What does it take to get a raise?

Gauss … [had] a salary that remained fixed from 1807 to 1824.

(see here.) What was Gauss’ salary? My limited google skills were not able to find this information, although I’m not sure how meaningful it would be to translate any such number into today’s dollars. More generally, although there is available data for academic salaries over the past 40 years or so, I’m curious for comparisons that go further back in time.

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6 Responses to What does it take to get a raise?

  1. TG says:

    What does the data look like for the last 40 years? (I know I could google it, but…). Anecdotally I have the impression that starting assistant professor salaries have gone up significantly above inflation in the last 10 years or so, but I have no idea if that’s actually what’s happened, or if that’s part of a long-term trend.

  2. voloch says:

    Tate once told me his starting salary at Harvard in the 50’s was 5K/yr, that’s 45K/yr in today’s dollars. What’s a starting salary at Harvard now, 120K/yr? He also said that his family was reasonably well-off on his father’s salary from the Univ of Minnesota during the Depression. Finally he said salaries did not rise that much until Sputnik and that Zariski was bitter that he had to retire before salaries got a bump.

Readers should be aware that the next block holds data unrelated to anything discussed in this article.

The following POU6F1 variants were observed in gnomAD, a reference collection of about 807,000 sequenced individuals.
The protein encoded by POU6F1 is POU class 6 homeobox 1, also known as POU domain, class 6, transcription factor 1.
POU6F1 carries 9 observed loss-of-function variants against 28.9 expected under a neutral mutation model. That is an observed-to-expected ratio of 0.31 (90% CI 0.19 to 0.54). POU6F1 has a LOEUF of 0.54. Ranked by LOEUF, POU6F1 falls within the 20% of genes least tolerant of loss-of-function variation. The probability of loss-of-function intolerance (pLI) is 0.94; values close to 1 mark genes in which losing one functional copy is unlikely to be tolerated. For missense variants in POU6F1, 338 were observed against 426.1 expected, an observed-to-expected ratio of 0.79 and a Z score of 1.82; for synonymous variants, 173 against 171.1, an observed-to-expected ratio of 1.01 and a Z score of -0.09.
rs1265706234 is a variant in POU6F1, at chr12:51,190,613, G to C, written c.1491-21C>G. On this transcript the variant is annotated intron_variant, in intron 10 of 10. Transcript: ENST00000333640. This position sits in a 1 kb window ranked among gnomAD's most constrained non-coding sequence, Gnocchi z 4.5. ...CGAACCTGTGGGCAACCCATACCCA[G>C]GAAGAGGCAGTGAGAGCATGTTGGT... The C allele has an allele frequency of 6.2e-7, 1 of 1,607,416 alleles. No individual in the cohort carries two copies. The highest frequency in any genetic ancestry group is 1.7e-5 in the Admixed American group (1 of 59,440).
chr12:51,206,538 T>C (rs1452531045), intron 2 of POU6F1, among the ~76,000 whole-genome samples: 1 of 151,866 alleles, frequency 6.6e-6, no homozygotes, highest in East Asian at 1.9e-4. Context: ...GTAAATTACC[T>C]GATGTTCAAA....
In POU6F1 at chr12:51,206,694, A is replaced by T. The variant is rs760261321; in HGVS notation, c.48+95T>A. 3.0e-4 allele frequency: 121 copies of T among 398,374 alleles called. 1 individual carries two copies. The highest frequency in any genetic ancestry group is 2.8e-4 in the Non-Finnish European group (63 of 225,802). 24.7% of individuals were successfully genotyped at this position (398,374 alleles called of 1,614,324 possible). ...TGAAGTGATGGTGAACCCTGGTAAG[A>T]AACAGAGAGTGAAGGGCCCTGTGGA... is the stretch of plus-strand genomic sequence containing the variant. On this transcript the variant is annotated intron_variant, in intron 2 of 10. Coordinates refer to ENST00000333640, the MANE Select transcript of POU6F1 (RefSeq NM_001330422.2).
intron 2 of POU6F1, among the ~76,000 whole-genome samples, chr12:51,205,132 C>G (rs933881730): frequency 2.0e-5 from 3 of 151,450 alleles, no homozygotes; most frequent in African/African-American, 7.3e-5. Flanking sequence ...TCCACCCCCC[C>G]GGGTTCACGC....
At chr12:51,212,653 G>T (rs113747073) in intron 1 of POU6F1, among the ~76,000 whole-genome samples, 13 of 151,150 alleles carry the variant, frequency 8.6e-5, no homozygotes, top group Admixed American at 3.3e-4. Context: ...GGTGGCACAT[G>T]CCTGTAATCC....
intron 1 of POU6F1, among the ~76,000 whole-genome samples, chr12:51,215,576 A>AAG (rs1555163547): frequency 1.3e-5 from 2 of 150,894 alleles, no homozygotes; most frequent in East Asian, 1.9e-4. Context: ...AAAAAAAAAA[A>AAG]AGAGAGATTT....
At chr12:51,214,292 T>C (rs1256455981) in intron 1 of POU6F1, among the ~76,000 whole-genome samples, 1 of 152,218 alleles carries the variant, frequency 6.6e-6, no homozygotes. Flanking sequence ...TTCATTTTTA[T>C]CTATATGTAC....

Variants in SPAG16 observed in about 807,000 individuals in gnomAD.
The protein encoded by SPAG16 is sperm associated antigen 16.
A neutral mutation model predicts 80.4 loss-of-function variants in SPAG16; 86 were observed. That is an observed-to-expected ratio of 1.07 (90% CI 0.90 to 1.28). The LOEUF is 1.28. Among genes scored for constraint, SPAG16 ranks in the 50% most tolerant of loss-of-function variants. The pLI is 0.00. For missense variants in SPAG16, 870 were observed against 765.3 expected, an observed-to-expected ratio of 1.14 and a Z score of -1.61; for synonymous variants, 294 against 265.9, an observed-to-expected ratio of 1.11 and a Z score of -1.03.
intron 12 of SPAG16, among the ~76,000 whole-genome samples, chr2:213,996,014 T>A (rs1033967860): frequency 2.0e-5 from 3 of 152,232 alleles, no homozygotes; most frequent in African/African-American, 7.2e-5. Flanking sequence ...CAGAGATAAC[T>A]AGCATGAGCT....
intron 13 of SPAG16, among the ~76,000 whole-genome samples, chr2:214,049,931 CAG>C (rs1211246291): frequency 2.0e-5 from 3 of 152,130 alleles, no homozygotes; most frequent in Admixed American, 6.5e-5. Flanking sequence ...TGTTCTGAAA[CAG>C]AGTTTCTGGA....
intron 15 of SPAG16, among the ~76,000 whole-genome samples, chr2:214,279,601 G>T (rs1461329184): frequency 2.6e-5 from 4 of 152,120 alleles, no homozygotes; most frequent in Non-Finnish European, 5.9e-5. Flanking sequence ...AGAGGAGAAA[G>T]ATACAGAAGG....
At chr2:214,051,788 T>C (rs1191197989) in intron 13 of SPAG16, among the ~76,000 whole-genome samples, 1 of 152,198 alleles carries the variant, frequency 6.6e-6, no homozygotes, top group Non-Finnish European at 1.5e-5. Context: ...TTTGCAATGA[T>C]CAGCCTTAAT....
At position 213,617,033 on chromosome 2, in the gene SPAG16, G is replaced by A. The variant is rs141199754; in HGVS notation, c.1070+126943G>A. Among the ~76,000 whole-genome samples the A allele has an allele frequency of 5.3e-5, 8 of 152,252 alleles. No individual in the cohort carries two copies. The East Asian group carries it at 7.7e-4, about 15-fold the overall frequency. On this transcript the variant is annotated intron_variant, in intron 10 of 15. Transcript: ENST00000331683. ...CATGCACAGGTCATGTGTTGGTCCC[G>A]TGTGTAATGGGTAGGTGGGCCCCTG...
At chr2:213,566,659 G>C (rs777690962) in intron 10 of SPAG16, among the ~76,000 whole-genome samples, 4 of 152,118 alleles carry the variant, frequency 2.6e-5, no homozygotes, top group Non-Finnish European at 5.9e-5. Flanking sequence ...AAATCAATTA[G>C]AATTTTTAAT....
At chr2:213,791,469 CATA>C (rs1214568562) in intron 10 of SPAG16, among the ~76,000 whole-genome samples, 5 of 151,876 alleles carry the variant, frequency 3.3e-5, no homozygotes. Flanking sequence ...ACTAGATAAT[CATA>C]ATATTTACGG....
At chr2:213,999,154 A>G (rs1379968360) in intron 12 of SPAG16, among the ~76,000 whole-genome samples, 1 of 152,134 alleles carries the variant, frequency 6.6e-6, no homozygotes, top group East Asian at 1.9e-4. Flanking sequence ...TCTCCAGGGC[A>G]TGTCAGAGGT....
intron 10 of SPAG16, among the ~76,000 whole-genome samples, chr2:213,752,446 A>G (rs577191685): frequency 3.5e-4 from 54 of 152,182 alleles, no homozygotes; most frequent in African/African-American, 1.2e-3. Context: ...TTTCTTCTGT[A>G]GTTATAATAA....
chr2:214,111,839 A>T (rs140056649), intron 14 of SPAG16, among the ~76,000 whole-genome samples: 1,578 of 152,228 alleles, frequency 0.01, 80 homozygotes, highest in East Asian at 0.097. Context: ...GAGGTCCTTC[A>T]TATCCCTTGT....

Finally, the Gauss bio you linked has the following factoid: “financial speculations shrewd enough to create an estate equal to nearly 200 times his annual salary. “

  3. Laurent Berger says:

    The French situation is nicely summarized in a neat plot that can be found there (scroll down to the first plot)


    The starting salary of an assistant professor divided by minimum wage is a roughly linear function of time, with a negative slope. The ratio will reach 1 in 2025.

  4. JT says:

    The procedure by which Gauss obtained a raise in 1824 may be familiar: Gauss was offered a position in Berlin, and Gottingen matched the salary in order to retain him. The negotiations with Berlin were overseen by the King of Prussia, and one of his representatives wrote: “…to justify the salary, he petitioned, with my support, the King that Gauss would be made an advisor to the minister…the King has agreed, and 600-700 Reichsthaler were allocated so there should be no more obstacles in this regard.”

    One can take this to mean that Gauss’ new salary was on the order of 700 Reichsthaler. In theory this represents a fixed quantity of silver, which at today’s prices is worth about $6000 – I don’t know about buying power at the time.

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